WARNING: CONTAINS SOME GROSSNESS.
During the week leading up to Halloween and Lola’s birthday that I could let the exercise lag a bit in favor of getting the ten thousand other things that needed doing done. Over the weekend I let the eating slip too, and yesterday I was certainly feeling all the sugar and salt and preservatives and grease. I vowed that I was going to get back up on the wagon starting Monday morning, so I woke up at 5:30 and did my resistance band workout for upper body. I also have all my eating planned out for the day and it includes lots of water, green tea, and fruits and veggies.
So far, so good.
So after my workout, I’m standing in the bathroom pulling my hair up into my standard “hair’s too greasy to wear down” hairstyle, when Joe comes in. He hugs me and gives me a kiss and asks if I’m going to take a shower.
“Nah,” I reply. “I’m good.”
“Are you sure you don’t want to rinse off?” he asks.
“ Yeah. I took a shower yesterday.”
“You did?” he says, doubtfully.
I think about it for a minute and realize that, of all the stuff I got accomplished yesterday, a shower was not among them.
“Hunh. I guess not.”
“That’s not healthy,” husband says. “Especially for a woman. You should rinse off.”
I nod my head, a little dazed, and as I walk to the shower I think about hygiene. I’ve always thought of myself as a clean person. I brush my teeth and wash my face before bed. I clean the bedsheets often and I change my underwear every day. I don’t have B.O. (as far as I can discern). And don’t all the experts say that you don’t actually need to shower each day, that it can actually be bad for your skin and hair to do so?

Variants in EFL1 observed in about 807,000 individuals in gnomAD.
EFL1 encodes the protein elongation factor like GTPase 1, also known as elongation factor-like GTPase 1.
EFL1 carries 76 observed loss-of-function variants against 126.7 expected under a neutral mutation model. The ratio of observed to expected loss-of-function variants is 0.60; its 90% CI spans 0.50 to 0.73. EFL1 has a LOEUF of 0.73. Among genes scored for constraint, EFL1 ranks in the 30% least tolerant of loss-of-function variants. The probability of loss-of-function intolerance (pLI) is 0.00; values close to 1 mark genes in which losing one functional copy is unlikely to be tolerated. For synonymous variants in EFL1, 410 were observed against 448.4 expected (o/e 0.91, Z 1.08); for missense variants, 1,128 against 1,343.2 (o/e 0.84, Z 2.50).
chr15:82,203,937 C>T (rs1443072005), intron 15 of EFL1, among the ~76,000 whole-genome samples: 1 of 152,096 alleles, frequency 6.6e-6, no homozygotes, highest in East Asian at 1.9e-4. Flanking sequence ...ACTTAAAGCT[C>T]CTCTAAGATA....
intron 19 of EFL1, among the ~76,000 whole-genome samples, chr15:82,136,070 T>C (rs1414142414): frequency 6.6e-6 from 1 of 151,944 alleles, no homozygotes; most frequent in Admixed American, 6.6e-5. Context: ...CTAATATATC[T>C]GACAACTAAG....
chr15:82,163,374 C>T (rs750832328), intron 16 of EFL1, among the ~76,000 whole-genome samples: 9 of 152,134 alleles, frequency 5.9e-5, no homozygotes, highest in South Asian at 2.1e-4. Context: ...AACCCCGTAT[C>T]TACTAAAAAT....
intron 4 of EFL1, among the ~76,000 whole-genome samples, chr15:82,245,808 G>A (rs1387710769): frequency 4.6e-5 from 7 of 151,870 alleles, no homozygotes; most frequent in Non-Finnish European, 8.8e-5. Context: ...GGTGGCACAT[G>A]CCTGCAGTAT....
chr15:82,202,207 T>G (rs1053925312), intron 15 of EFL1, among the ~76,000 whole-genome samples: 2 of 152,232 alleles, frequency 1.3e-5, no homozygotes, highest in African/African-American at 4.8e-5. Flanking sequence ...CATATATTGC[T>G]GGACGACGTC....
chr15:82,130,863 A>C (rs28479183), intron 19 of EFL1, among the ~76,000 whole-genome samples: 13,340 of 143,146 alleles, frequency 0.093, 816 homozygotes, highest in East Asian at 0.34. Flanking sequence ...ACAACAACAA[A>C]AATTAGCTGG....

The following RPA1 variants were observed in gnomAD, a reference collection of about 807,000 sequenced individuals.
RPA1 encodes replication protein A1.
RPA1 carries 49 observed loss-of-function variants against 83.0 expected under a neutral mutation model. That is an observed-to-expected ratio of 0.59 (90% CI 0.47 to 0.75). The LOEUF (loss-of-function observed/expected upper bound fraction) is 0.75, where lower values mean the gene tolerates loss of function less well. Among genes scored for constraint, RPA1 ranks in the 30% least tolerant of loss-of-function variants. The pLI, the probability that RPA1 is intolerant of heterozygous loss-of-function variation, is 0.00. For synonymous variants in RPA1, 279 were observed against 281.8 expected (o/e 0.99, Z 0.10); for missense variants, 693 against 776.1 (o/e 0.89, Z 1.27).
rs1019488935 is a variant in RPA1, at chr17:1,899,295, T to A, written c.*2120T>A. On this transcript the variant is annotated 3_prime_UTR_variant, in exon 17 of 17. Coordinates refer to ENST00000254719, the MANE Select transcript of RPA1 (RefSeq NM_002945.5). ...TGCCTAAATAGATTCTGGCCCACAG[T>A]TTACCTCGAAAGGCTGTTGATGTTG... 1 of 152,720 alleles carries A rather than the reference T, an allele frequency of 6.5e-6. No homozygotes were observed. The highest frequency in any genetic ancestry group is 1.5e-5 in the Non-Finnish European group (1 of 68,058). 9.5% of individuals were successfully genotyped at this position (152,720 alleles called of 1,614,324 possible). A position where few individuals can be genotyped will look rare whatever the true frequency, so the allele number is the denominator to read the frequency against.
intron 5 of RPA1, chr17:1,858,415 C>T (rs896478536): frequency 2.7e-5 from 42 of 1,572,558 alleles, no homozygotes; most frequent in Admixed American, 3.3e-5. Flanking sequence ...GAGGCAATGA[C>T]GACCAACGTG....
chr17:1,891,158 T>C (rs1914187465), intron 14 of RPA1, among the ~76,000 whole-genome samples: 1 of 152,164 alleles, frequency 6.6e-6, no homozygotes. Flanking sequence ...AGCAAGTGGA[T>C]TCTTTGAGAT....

But after my shower this morning I was struck by two things: 1) how much better I felt having washed off and 2) how easily I had shrugged off maintaining my personal cleanliness. Like yesterday, showering just wasn’t on the list of things to do and it was a long list. I ranked mopping the floor higher than showering. I ranked washing the dishes above washing myself. Thinking about this objectively, I feel like there’s something kind of wrong with that. I mean, I’ll never be OCD about hygiene but I think I could benefit from paying a little more attention to body maintenance. It reminded me of that hazy three week period right after Lola was born, when I didn’t sleep or wash or go outside or use the toilet with any kind of regularity. It was a humiliating time that I do not wish to revisit in any intensity.
So, I came up with a plan of action:
1) Shower every day and be liberal with the moisturizer.
2) Skin brushing every other day. I paid the $4 for the damn boar bristle brush, I might as well use it and see if the hippie detox experts are right about the benefits of skin brushing (http://www.pureinsideout.com/detox-skin-brushing.html; be sure to avoid the articles on colonics and fasting).
3) Continue to floss and brush and wash my face before bed. By heavens, I’ve got an example to set!
4) Set aside two evenings per week to really focus on my feet. Not only are they starting to get cracked and gross, but yesterday I found a shard of glass embedded in the callous on my heel. It didn’t hurt, I just happened to notice it when I was dusting my feet off. It was stuck a good millimeter or two in there and it still hadn’t reached nerves. Yeesh, I’ve got thicker callouses than a Kalahari bushman.
5) No picking. I’m a habitual picker. I pick my face, I pick my toes, I pick at my skin. I do it absently or when I’m feeling insecure and I need to reaffirm my sense of control. A friend once told me that people of Scandinavian descent tend to pick more because they used to spend so much time huddling in their long houses for warmth with nothing to do but pick and groom themselves. And while I do enjoy that sweet pickin’ sensation, something tells me it’s not so good for the skin. So, to Ragnorok with you, ya Viking heathens. This girl will pick no more!